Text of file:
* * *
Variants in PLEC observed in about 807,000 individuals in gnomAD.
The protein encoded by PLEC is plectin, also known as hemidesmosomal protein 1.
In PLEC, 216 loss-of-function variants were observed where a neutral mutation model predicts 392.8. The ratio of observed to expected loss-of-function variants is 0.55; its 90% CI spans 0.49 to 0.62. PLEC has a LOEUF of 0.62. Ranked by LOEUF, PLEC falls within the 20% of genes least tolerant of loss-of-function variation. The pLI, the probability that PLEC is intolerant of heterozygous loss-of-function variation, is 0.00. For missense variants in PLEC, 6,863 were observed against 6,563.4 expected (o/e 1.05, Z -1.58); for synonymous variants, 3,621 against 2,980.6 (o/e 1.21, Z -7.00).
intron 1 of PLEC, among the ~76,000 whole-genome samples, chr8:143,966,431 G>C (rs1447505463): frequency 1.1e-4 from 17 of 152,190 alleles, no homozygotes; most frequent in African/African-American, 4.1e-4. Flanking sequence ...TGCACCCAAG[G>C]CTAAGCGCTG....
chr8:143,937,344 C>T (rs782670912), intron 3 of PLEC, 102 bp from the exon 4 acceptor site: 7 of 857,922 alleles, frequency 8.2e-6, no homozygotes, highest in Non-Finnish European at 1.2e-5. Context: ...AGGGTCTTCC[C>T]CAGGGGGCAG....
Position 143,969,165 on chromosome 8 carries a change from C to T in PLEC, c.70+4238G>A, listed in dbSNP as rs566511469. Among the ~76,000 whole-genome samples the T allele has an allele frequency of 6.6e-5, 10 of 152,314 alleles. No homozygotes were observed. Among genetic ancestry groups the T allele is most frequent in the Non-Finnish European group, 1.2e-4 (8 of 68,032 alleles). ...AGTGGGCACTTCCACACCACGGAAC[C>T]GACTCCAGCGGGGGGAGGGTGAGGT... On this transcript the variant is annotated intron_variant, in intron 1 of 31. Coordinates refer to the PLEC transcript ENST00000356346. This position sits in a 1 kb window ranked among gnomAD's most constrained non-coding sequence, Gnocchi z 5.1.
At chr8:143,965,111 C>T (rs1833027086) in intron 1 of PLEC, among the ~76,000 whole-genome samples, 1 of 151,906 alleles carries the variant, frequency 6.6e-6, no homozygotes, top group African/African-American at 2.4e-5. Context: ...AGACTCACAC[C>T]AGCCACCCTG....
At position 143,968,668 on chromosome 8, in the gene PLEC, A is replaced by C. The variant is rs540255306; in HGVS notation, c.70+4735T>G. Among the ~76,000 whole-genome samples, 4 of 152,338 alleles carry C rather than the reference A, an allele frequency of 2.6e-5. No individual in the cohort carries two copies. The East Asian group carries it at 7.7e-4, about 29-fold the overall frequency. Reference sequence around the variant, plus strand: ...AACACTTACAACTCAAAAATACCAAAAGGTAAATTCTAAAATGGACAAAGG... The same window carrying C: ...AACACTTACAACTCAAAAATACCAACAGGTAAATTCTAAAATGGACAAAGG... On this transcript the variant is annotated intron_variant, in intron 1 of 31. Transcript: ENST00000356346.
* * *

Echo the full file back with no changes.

Variants in PLEC observed in about 807,000 individuals in gnomAD.
The protein encoded by PLEC is plectin, also known as hemidesmosomal protein 1.
In PLEC, 216 loss-of-function variants were observed where a neutral mutation model predicts 392.8. The ratio of observed to expected loss-of-function variants is 0.55; its 90% CI spans 0.49 to 0.62. PLEC has a LOEUF of 0.62. Ranked by LOEUF, PLEC falls within the 20% of genes least tolerant of loss-of-function variation. The pLI, the probability that PLEC is intolerant of heterozygous loss-of-function variation, is 0.00. For missense variants in PLEC, 6,863 were observed against 6,563.4 expected (o/e 1.05, Z -1.58); for synonymous variants, 3,621 against 2,980.6 (o/e 1.21, Z -7.00).
intron 1 of PLEC, among the ~76,000 whole-genome samples, chr8:143,966,431 G>C (rs1447505463): frequency 1.1e-4 from 17 of 152,190 alleles, no homozygotes; most frequent in African/African-American, 4.1e-4. Flanking sequence ...TGCACCCAAG[G>C]CTAAGCGCTG....
chr8:143,937,344 C>T (rs782670912), intron 3 of PLEC, 102 bp from the exon 4 acceptor site: 7 of 857,922 alleles, frequency 8.2e-6, no homozygotes, highest in Non-Finnish European at 1.2e-5. Context: ...AGGGTCTTCC[C>T]CAGGGGGCAG....
Position 143,969,165 on chromosome 8 carries a change from C to T in PLEC, c.70+4238G>A, listed in dbSNP as rs566511469. Among the ~76,000 whole-genome samples the T allele has an allele frequency of 6.6e-5, 10 of 152,314 alleles. No homozygotes were observed. Among genetic ancestry groups the T allele is most frequent in the Non-Finnish European group, 1.2e-4 (8 of 68,032 alleles). ...AGTGGGCACTTCCACACCACGGAAC[C>T]GACTCCAGCGGGGGGAGGGTGAGGT... On this transcript the variant is annotated intron_variant, in intron 1 of 31. Coordinates refer to the PLEC transcript ENST00000356346. This position sits in a 1 kb window ranked among gnomAD's most constrained non-coding sequence, Gnocchi z 5.1.
At chr8:143,965,111 C>T (rs1833027086) in intron 1 of PLEC, among the ~76,000 whole-genome samples, 1 of 151,906 alleles carries the variant, frequency 6.6e-6, no homozygotes, top group African/African-American at 2.4e-5. Context: ...AGACTCACAC[C>T]AGCCACCCTG....
At position 143,968,668 on chromosome 8, in the gene PLEC, A is replaced by C. The variant is rs540255306; in HGVS notation, c.70+4735T>G. Among the ~76,000 whole-genome samples, 4 of 152,338 alleles carry C rather than the reference A, an allele frequency of 2.6e-5. No individual in the cohort carries two copies. The East Asian group carries it at 7.7e-4, about 29-fold the overall frequency. Reference sequence around the variant, plus strand: ...AACACTTACAACTCAAAAATACCAAAAGGTAAATTCTAAAATGGACAAAGG... The same window carrying C: ...AACACTTACAACTCAAAAATACCAACAGGTAAATTCTAAAATGGACAAAGG... On this transcript the variant is annotated intron_variant, in intron 1 of 31. Transcript: ENST00000356346.